The Connors lived on a caravan site run by their local council in Leeds. They had been living there for around 15 years so the site had become well-established as their home. Early one morning, the council forcibly evicted the family after accusing the older sons of causing a nuisance. Their caravans were taken from them and not returned until late in the afternoon and their belongings, including medication for their young son, were kept from them for several days. They received no assistance or advice about where they could go. The eviction had a huge impact on the Connors – they were forced to constantly move around, and the stress and uncertainty led to Mrs Connor moving into a house and separating from her husband. The family took legal action against the council and the European Court of Human Rights ruled that their human right to enjoy their home had been breached. The court said that the vulnerable position of gypsies as a minority group means that special consideration should be given to meet their needs and different lifestyles. The government changed the law shortly afterwards so gypsies were given more protection from eviction.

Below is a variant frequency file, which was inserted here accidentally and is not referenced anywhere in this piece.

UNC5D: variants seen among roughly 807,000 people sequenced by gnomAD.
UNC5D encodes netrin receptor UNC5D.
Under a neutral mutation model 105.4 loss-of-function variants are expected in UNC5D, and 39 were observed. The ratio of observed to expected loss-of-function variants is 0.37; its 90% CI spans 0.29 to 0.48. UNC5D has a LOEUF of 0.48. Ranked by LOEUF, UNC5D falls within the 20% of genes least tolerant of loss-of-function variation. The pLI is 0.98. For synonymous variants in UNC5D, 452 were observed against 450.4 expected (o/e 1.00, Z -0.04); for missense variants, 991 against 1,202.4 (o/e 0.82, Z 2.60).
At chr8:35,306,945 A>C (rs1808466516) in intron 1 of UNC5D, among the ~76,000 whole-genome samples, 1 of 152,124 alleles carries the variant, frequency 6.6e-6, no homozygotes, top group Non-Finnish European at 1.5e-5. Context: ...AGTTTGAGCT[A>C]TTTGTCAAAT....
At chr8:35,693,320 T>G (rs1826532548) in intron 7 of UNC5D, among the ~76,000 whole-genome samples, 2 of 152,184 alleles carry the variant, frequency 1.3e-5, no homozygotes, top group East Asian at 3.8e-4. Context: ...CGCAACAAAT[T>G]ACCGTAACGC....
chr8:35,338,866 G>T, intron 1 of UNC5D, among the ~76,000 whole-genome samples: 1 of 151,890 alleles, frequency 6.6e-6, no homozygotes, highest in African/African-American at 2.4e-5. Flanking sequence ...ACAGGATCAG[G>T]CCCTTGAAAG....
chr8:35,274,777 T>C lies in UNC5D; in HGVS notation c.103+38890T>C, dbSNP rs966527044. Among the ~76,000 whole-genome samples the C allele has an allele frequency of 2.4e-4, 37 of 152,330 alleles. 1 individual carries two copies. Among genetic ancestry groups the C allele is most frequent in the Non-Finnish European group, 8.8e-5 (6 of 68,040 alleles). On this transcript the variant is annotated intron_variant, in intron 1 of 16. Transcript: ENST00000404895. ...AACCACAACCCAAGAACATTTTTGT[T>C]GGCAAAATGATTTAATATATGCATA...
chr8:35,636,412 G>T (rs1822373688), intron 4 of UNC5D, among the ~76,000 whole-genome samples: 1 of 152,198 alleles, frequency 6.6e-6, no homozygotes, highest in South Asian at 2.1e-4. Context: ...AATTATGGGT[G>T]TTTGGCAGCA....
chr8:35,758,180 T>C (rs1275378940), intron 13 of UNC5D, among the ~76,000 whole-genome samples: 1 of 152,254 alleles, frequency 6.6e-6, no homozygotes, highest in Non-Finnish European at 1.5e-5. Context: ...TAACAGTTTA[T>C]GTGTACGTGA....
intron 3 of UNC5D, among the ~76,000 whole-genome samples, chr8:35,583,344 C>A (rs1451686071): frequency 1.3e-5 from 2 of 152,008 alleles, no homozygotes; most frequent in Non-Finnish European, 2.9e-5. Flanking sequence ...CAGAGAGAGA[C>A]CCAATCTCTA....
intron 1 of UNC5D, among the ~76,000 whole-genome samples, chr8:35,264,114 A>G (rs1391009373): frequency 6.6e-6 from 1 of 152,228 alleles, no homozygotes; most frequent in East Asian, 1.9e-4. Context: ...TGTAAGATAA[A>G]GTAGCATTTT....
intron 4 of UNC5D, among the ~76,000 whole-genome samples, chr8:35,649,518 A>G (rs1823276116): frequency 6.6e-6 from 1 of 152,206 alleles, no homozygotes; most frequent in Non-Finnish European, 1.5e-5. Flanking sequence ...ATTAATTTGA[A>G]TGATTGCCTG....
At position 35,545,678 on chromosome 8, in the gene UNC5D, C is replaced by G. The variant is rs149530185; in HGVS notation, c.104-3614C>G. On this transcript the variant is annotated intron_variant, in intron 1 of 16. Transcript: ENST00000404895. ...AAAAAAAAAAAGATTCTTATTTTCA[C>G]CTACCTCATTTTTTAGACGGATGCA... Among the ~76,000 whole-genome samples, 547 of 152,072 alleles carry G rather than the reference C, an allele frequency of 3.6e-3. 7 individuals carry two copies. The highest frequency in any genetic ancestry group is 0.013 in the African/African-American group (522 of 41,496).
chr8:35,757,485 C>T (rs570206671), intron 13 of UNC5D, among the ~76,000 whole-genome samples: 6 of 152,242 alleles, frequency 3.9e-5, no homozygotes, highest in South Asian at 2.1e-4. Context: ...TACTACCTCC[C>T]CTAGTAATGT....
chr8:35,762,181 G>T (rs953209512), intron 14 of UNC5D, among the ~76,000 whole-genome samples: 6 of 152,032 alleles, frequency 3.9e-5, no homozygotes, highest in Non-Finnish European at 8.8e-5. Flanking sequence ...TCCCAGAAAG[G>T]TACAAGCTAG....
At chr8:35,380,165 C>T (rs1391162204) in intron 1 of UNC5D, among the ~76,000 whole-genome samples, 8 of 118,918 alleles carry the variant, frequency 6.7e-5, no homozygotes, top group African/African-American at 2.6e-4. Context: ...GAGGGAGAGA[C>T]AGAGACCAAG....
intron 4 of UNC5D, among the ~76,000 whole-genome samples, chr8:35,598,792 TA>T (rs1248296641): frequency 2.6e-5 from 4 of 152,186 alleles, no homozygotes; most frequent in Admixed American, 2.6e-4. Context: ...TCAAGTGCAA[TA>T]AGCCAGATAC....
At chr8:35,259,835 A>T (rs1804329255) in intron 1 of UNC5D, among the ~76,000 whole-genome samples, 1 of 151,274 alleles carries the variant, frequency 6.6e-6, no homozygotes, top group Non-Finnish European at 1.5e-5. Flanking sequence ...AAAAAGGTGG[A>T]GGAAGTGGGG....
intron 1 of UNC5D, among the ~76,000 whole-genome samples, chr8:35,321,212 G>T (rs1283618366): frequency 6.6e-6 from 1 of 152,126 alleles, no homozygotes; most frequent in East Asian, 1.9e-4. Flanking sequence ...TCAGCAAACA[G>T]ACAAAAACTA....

Protecting gypsies’ rights to keep their home